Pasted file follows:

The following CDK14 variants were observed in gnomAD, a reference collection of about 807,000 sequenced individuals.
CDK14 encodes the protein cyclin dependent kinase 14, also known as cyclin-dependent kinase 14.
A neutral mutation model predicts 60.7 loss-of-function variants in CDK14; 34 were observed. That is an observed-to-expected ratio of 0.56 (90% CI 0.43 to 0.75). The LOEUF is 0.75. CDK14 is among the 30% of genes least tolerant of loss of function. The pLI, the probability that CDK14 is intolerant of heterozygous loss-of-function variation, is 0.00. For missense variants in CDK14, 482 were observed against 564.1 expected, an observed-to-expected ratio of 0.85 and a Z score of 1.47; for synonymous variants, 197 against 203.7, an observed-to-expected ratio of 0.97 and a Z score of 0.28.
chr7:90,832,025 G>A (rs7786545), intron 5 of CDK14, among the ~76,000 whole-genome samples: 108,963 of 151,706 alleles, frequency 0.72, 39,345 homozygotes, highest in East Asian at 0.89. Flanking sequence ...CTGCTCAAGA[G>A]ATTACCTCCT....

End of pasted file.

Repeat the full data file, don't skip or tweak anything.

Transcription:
The following CDK14 variants were observed in gnomAD, a reference collection of about 807,000 sequenced individuals.
CDK14 encodes the protein cyclin dependent kinase 14, also known as cyclin-dependent kinase 14.
A neutral mutation model predicts 60.7 loss-of-function variants in CDK14; 34 were observed. That is an observed-to-expected ratio of 0.56 (90% CI 0.43 to 0.75). The LOEUF is 0.75. CDK14 is among the 30% of genes least tolerant of loss of function. The pLI, the probability that CDK14 is intolerant of heterozygous loss-of-function variation, is 0.00. For missense variants in CDK14, 482 were observed against 564.1 expected, an observed-to-expected ratio of 0.85 and a Z score of 1.47; for synonymous variants, 197 against 203.7, an observed-to-expected ratio of 0.97 and a Z score of 0.28.
chr7:90,832,025 G>A (rs7786545), intron 5 of CDK14, among the ~76,000 whole-genome samples: 108,963 of 151,706 alleles, frequency 0.72, 39,345 homozygotes, highest in East Asian at 0.89. Flanking sequence ...CTGCTCAAGA[G>A]ATTACCTCCT....